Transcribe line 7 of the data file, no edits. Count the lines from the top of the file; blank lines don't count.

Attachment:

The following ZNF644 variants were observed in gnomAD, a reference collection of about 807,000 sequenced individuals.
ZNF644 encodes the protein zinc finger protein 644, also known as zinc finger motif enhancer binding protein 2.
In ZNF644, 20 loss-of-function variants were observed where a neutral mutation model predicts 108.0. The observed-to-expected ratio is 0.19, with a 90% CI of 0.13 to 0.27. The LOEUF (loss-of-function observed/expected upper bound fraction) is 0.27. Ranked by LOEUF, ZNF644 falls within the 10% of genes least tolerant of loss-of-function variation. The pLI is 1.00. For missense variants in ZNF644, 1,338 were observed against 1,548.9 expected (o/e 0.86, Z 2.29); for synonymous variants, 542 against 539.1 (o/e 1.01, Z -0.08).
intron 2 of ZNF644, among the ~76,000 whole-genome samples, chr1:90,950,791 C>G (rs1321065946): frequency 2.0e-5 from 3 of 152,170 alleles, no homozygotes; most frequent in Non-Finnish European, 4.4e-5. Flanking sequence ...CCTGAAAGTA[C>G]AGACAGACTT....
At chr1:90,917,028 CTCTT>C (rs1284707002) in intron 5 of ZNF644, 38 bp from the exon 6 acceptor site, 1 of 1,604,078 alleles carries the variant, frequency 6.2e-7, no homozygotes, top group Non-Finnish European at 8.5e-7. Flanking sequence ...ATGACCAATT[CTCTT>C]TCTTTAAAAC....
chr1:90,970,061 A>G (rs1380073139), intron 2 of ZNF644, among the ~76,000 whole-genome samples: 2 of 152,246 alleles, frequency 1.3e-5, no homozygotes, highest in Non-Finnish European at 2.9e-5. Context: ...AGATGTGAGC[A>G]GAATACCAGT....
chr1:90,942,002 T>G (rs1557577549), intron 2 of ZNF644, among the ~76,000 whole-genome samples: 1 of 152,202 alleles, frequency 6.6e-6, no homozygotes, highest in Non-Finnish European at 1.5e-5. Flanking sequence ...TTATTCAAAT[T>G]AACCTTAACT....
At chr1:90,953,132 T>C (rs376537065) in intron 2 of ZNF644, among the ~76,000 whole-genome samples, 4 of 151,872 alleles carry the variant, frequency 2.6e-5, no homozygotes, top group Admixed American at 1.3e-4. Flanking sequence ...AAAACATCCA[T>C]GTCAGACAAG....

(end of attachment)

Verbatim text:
chr1:90,942,002 T>G (rs1557577549), intron 2 of ZNF644, among the ~76,000 whole-genome samples: 1 of 152,202 alleles, frequency 6.6e-6, no homozygotes, highest in Non-Finnish European at 1.5e-5. Flanking sequence ...TTATTCAAAT[T>G]AACCTTAACT....